I sit back down at my desk and message my brother in London to see how he’s doing. “I have bought a TV the size of an Austin Allegro,” he says, and sends a photo of his son and daughter bathed in a powerful glow. How did he get the TV? I don’t understand how lockdown in London works. Apparently police recently had to overturn a barbecue at a gathering, flinging sausages into the dirt. My brother also sends a picture that my niece drew of herself screaming out a window, her mouth all wavy like Barney Gumble burping. My other brother, here in Wellington, has two toddlers and is trying to hold back the tide of chaos. “It’s gonna be a long month,” he says. I have a flashback to when we were children and would built an elaborate fort in the lounge, only to demolish it in a frenzy as a tornado came blasting through. “It’s gonna be a long night tonight,” we would say to each other sadly, every night, before the tornado came. Then we would rebuild, and wait in earnest for the next tornado.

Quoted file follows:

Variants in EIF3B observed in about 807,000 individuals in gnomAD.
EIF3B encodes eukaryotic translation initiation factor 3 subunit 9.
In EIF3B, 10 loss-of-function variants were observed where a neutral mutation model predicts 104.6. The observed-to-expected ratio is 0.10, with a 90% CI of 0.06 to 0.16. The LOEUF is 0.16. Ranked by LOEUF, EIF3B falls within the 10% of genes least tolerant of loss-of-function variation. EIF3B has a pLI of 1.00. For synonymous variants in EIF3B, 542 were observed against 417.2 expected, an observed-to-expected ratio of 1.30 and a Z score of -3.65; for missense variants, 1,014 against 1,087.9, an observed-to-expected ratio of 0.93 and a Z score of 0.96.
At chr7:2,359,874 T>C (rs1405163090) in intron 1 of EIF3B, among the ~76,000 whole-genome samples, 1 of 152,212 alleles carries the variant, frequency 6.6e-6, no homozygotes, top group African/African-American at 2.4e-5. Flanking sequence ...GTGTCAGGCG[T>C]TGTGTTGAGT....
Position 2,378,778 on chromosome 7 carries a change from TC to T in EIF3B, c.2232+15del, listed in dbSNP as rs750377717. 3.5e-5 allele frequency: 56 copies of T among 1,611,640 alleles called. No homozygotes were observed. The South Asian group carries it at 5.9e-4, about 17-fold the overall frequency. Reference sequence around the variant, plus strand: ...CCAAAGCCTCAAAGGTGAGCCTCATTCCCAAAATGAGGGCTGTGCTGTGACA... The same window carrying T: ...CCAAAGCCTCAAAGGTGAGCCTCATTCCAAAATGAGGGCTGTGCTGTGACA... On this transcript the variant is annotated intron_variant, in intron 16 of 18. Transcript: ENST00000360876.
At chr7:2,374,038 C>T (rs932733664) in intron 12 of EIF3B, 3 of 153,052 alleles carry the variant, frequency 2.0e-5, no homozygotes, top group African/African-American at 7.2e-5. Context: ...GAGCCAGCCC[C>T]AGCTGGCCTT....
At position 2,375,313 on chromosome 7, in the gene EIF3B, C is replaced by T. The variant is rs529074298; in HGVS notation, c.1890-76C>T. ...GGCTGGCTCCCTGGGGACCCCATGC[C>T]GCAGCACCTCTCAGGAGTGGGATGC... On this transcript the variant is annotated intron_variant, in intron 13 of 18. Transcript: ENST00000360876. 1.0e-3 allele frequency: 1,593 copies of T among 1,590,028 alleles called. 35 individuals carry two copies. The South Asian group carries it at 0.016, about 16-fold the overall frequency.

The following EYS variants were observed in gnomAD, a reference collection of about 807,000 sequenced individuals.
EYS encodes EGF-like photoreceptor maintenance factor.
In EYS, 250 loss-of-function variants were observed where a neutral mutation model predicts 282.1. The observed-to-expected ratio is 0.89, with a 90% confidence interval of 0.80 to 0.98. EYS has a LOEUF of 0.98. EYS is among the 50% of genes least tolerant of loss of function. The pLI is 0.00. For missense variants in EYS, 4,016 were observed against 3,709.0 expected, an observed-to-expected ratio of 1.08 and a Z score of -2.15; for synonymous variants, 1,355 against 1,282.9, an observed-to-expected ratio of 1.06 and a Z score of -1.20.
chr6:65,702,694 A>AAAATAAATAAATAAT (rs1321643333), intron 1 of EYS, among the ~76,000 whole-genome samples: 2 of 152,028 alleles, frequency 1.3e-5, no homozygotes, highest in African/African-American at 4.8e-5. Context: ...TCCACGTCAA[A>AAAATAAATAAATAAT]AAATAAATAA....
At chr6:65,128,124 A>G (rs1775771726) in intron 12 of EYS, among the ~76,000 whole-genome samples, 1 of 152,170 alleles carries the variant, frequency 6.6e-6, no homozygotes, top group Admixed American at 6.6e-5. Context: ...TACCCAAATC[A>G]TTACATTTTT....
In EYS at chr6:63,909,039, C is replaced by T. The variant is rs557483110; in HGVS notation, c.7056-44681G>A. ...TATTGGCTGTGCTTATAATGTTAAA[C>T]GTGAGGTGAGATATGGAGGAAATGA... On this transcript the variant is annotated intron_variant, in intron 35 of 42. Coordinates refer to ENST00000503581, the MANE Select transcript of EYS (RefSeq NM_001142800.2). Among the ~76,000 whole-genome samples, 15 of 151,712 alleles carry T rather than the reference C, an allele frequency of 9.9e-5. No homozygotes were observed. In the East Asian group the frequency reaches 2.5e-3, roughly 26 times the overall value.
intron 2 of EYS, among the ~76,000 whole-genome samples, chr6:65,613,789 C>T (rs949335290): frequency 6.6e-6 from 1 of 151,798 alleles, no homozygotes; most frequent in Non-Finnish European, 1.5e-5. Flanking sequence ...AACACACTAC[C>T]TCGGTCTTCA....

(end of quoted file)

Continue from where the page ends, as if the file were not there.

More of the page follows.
Maybe I should pop round to his place, I think idly now, like when there’s a power cut and you think, “Well, I might just make some toast.”